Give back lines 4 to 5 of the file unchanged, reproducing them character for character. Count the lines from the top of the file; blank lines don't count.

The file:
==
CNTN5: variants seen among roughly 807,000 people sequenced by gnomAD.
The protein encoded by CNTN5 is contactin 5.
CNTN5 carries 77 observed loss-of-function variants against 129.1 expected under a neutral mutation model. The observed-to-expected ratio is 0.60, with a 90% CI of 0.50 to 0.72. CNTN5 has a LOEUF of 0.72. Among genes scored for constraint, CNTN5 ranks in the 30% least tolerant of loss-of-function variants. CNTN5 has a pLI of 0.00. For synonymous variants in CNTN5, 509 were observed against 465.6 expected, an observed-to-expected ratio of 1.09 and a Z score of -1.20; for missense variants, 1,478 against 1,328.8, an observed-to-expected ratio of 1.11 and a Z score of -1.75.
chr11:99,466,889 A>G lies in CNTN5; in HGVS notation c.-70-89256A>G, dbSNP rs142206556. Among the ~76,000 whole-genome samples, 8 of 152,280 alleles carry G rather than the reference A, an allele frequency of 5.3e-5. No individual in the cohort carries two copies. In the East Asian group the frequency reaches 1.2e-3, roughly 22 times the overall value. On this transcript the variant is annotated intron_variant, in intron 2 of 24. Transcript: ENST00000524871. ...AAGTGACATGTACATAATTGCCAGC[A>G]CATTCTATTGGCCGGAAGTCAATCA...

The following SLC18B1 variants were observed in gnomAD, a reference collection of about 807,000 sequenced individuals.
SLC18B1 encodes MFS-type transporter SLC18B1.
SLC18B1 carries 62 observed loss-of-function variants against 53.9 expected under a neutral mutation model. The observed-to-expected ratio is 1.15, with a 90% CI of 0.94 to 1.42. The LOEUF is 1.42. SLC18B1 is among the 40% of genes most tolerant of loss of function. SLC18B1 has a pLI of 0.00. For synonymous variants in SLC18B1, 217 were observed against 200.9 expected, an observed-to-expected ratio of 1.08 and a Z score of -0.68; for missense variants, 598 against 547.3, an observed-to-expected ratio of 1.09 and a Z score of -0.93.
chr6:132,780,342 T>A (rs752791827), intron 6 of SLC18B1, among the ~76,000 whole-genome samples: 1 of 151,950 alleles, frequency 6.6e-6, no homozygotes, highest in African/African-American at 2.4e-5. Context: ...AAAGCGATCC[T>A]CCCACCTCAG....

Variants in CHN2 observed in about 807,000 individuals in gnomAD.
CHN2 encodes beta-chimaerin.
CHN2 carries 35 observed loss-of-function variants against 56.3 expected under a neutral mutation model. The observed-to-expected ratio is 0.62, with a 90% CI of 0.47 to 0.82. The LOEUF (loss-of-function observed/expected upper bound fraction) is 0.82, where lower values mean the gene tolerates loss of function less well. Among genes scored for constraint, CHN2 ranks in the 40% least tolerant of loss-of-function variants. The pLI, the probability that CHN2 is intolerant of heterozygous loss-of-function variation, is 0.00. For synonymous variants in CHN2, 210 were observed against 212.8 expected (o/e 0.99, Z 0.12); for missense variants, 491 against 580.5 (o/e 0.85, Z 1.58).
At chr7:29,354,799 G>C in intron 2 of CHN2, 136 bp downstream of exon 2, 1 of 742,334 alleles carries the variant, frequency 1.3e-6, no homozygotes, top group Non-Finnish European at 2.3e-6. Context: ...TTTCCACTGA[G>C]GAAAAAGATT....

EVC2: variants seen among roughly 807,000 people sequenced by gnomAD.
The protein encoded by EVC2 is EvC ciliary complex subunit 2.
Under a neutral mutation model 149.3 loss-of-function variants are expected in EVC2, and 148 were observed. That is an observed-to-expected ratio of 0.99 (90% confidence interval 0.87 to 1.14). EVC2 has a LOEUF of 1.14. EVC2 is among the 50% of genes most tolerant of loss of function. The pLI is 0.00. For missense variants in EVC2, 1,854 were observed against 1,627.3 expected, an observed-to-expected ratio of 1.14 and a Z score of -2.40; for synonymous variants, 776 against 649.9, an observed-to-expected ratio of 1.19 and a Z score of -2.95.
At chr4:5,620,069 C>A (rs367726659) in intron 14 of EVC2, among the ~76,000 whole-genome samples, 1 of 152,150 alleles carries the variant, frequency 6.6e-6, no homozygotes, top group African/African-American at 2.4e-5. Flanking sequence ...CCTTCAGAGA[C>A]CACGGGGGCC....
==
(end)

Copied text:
chr11:99,466,889 A>G lies in CNTN5; in HGVS notation c.-70-89256A>G, dbSNP rs142206556. Among the ~76,000 whole-genome samples, 8 of 152,280 alleles carry G rather than the reference A, an allele frequency of 5.3e-5. No individual in the cohort carries two copies. In the East Asian group the frequency reaches 1.2e-3, roughly 22 times the overall value. On this transcript the variant is annotated intron_variant, in intron 2 of 24. Transcript: ENST00000524871. ...AAGTGACATGTACATAATTGCCAGC[A>G]CATTCTATTGGCCGGAAGTCAATCA...

The following SLC18B1 variants were observed in gnomAD, a reference collection of about 807,000 sequenced individuals.